Growing Up in Working Class Youngstown — Joe Flynn

Joe Flynn,” By ABC Network –, front of photo, back of photo, Public Domain.

For most of us, we remember actor Joe Flynn as the stuffed-shirt, bumbling Captain Wallace Burton Binghamton (or “Old Leadbottom”) whose characteristic response was “What is it, What, WHAT, WHAT!?” I grew up watching McHale’s Navy from 1962 to 1966 and I delighted in seeing how McHale (Ernest Borgnine) would find ways to work around or outfox Captain Binghamton in each episode.

Even though we laughed at Captain Binghamton, Joe Flynn was a source of pride for all of us who grew up in Youngstown. He was one of our own, and even though he had a successful career, often as the comic foil, he never forgot the place where he grew up. He was born in Youngstown, November 8, 1924, the son of Dr. Joseph A. and Gracie McGraw Flynn. He grew up on the North side and graduated from the Rayen School. He went on to spend a year at Notre Dame (according to The Vindicator obituary of July 20, 1974–Wikipedia says Northwestern) before three years in the Army Medical Corps during the war. He then went to the University of Southern California, majoring in political science.

His TV career goes back to the early days where he was in a sitcom, Yer Old Buddy, in 1948. He also appeared in a number of stage plays. He came back to Youngstown in 1950 and put his political science degree to work, making an unsuccessful run for the Ohio Senate, to represent Youngstown. In 1951, he was chosen to be the director of the Canfield Players, mounting successful productions of “Harvey,” “Antigone,” “Pursuit of Happiness,” and “Petticoat Fever.”

He starred in some horror productions, including The Indestructible Man with Lon Chaney, Jr. and some Alfred Hitchcock productions, but quickly realized that his best roles were comedic ones, often as the stuffy, bumbling figure. In all, he acted in over thirty Disney films including The Son of Flubber, The Computer Wore Tennis Shoes, and The Love Bug and many others.

One of his early credits was in an episode of The Life of Riley in 1953. He was on a number of episodes of The Adventures of Ozzie and Harriet and 34 episodes of the Joey Bishop Show. He worked every year between 1953 and 1974 according to TMDB. Over his lifetime he played over 500 roles. None, however, was as recognized as his role as the self-important and incompetent Captain Binghamton. He played this role in 138 episodes (all but one) and in two McHale movies. Later, he co-starred with Tim Conway on the Tim Conway Show, playing the boss of a small airline

He returned often to Youngstown, visiting his family’s home on Elm Street. He helped with United Appeal community fund-raising efforts. His work in broadcasting earned him an Ohio Association of Broadcasting award. He was a regular at the Kenley Players in the early 1970’s. He was scheduled to perform there the week after he died.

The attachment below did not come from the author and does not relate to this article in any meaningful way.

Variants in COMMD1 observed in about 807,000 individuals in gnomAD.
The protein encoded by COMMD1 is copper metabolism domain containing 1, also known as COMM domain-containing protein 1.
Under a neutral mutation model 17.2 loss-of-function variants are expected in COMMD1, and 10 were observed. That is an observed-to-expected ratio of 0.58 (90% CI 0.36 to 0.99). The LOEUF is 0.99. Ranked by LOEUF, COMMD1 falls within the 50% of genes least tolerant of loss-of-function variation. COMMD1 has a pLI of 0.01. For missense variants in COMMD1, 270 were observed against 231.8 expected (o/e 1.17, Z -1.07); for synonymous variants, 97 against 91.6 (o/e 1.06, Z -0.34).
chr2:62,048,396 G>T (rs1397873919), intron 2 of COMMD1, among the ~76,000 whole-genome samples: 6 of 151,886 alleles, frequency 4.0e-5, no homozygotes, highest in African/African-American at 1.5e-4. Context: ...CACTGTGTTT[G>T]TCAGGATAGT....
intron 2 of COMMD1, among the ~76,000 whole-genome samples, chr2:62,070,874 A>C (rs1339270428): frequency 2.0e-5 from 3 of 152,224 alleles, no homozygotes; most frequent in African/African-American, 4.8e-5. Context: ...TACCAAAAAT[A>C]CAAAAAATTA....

Joe Flynn died on July 19, 1974. He went for an early morning swim in the pool at his home and was found dead, submerged in the water. He died of a heart attack at age 49. Yet his work outlasted him. He appeared in 1975 as Dean Higgins in The Strongest Man in the World and in voiceovers for the Disney animated film The Rescuers in 1977, as the voice of Mr. Snoops. I remember this being one of my son’s favorite videos.

He was not a sex symbol. He was a character actor who figured out what he could do well. He could make people laugh, often at him. Contrary to his often stuck-up characters, it seems that he was anything but in real life–humble enough to know what he was good at and never forgetting where he came from. He was married to the same woman, Shirley, at the time of his death, who he married in 1955.

We may have laughed at the characters Joe Flynn played but we were always proud of him. And he gave us the chance to enjoy his talents at the Kenley Players, where we could enjoy and applaud him in person. He understood the special bond between actor and audience. He never forgot us and perhaps this is a small way of doing the same for him, We remember, Joe Flynn.

*I’d like to thank Boardman native David Rickert for the suggestion of this post.

To read other posts in the Growing Up in Working Class Youngstown series, just click “On Youngstown.” Enjoy!

7 thoughts on “Growing Up in Working Class Youngstown — Joe Flynn

  1. I enjoyed reading your post thank you.
    I believe I once heard Ed O’Neal tell a story about Joe Flynn that they were cousins and for a short time lived at the same residence on North side.

    Liked by 1 person

  2. Thank you again for providing the interesting information on Y-town’s finest.
    Had always heard Flynn was from “home” but was not aware that he lived on the Northside, and close to St Ed’s!

    Liked by 1 person

  3. I didn’t know,or remember, Joe Flynn being from Youngstown. He was a funny character on TV. He also played and undertaker on the Night Gallery program.

    Liked by 1 person

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